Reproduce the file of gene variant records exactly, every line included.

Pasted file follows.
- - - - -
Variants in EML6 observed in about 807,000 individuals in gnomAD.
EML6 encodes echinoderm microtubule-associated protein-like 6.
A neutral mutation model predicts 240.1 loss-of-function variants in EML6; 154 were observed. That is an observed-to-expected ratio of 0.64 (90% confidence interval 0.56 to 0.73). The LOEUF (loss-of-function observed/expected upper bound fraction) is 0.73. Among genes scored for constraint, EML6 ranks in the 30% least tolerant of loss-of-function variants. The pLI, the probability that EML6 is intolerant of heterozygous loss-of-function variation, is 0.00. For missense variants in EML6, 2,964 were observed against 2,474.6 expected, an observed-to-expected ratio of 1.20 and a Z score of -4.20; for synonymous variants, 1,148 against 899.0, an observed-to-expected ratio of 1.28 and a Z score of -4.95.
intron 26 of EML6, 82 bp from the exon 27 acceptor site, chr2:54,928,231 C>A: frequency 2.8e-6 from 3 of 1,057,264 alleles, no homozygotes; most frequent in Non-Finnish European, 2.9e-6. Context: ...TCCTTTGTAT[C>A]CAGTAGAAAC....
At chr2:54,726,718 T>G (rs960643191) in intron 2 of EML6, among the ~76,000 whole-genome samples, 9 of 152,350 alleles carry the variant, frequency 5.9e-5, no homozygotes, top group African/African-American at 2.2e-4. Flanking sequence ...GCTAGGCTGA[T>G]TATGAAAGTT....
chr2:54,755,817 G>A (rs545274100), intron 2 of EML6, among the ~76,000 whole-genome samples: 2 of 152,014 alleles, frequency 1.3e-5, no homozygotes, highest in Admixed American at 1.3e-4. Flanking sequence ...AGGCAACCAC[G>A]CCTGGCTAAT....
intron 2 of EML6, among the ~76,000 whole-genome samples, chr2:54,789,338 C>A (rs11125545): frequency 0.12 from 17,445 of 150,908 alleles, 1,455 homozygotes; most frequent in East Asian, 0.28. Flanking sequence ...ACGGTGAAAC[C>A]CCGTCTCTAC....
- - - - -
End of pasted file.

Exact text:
Variants in EML6 observed in about 807,000 individuals in gnomAD.
EML6 encodes echinoderm microtubule-associated protein-like 6.
A neutral mutation model predicts 240.1 loss-of-function variants in EML6; 154 were observed. That is an observed-to-expected ratio of 0.64 (90% confidence interval 0.56 to 0.73). The LOEUF (loss-of-function observed/expected upper bound fraction) is 0.73. Among genes scored for constraint, EML6 ranks in the 30% least tolerant of loss-of-function variants. The pLI, the probability that EML6 is intolerant of heterozygous loss-of-function variation, is 0.00. For missense variants in EML6, 2,964 were observed against 2,474.6 expected, an observed-to-expected ratio of 1.20 and a Z score of -4.20; for synonymous variants, 1,148 against 899.0, an observed-to-expected ratio of 1.28 and a Z score of -4.95.
intron 26 of EML6, 82 bp from the exon 27 acceptor site, chr2:54,928,231 C>A: frequency 2.8e-6 from 3 of 1,057,264 alleles, no homozygotes; most frequent in Non-Finnish European, 2.9e-6. Context: ...TCCTTTGTAT[C>A]CAGTAGAAAC....
At chr2:54,726,718 T>G (rs960643191) in intron 2 of EML6, among the ~76,000 whole-genome samples, 9 of 152,350 alleles carry the variant, frequency 5.9e-5, no homozygotes, top group African/African-American at 2.2e-4. Flanking sequence ...GCTAGGCTGA[T>G]TATGAAAGTT....
chr2:54,755,817 G>A (rs545274100), intron 2 of EML6, among the ~76,000 whole-genome samples: 2 of 152,014 alleles, frequency 1.3e-5, no homozygotes, highest in Admixed American at 1.3e-4. Flanking sequence ...AGGCAACCAC[G>A]CCTGGCTAAT....
intron 2 of EML6, among the ~76,000 whole-genome samples, chr2:54,789,338 C>A (rs11125545): frequency 0.12 from 17,445 of 150,908 alleles, 1,455 homozygotes; most frequent in East Asian, 0.28. Flanking sequence ...ACGGTGAAAC[C>A]CCGTCTCTAC....